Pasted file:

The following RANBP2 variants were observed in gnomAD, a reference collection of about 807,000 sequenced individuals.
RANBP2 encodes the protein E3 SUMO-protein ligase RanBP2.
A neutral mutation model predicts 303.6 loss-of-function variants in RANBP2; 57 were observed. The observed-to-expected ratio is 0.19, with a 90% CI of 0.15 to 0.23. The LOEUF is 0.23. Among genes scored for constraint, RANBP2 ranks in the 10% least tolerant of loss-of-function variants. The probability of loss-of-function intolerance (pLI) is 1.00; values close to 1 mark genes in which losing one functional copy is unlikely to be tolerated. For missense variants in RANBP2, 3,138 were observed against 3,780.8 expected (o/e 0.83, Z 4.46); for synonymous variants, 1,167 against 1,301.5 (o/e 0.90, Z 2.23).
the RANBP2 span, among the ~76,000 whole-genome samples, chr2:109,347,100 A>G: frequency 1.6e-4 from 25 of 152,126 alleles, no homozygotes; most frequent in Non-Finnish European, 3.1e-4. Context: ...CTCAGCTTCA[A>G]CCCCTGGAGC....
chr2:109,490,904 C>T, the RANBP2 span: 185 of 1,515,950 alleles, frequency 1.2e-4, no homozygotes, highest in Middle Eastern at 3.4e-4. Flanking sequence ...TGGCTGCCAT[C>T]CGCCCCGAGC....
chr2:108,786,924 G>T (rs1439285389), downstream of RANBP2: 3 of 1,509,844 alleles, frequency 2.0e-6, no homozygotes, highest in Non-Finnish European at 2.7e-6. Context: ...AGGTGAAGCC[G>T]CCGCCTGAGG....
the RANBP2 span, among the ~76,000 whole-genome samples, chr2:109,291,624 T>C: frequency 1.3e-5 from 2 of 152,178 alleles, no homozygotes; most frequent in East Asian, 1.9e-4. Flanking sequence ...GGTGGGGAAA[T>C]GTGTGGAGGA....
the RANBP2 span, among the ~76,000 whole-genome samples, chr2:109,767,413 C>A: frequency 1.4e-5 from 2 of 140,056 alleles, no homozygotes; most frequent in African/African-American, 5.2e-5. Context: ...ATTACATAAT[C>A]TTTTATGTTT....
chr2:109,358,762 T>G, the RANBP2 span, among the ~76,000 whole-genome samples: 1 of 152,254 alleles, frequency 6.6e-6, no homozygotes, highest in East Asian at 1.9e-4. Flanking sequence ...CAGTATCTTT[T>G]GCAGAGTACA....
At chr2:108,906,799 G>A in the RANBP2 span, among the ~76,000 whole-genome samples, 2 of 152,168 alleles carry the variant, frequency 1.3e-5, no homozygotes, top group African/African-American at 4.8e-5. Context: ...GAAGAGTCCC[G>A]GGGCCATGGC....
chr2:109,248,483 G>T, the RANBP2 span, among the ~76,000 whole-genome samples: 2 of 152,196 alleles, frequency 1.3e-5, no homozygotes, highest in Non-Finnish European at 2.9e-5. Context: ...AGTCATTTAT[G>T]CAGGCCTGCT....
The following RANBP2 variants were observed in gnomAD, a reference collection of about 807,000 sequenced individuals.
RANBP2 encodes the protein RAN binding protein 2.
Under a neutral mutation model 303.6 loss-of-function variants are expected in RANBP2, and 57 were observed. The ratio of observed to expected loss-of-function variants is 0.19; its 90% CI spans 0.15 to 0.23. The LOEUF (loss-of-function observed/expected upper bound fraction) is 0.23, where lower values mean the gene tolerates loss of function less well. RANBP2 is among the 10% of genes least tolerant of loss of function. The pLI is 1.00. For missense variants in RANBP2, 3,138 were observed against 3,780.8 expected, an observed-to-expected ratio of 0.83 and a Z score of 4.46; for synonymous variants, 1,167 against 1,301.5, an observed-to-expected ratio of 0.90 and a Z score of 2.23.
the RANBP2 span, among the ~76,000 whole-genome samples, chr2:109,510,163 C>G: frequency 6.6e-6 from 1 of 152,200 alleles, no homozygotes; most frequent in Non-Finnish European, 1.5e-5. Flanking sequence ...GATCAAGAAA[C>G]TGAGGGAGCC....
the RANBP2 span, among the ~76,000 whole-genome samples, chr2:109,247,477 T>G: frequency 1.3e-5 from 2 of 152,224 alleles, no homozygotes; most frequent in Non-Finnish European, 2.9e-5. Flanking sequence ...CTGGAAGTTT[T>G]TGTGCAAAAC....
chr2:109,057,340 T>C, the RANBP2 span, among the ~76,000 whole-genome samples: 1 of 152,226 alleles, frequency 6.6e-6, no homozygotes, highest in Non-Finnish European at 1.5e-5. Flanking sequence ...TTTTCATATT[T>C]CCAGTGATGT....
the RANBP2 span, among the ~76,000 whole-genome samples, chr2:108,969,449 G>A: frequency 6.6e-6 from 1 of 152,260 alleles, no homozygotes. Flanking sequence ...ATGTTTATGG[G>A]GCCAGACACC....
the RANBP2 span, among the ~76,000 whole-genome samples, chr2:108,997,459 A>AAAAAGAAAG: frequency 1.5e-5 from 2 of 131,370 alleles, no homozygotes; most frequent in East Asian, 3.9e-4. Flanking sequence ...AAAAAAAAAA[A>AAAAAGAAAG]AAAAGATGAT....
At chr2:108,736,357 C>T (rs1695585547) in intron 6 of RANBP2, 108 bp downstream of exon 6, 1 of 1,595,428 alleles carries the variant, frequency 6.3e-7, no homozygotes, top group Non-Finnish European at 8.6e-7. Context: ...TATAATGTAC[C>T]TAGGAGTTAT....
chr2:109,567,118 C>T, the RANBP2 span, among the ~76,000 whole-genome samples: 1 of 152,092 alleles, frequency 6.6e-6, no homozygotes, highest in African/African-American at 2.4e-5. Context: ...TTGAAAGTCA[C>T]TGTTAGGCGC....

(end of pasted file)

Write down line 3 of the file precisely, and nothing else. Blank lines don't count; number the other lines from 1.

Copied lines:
A neutral mutation model predicts 303.6 loss-of-function variants in RANBP2; 57 were observed. The observed-to-expected ratio is 0.19, with a 90% CI of 0.15 to 0.23. The LOEUF is 0.23. Among genes scored for constraint, RANBP2 ranks in the 10% least tolerant of loss-of-function variants. The probability of loss-of-function intolerance (pLI) is 1.00; values close to 1 mark genes in which losing one functional copy is unlikely to be tolerated. For missense variants in RANBP2, 3,138 were observed against 3,780.8 expected (o/e 0.83, Z 4.46); for synonymous variants, 1,167 against 1,301.5 (o/e 0.90, Z 2.23).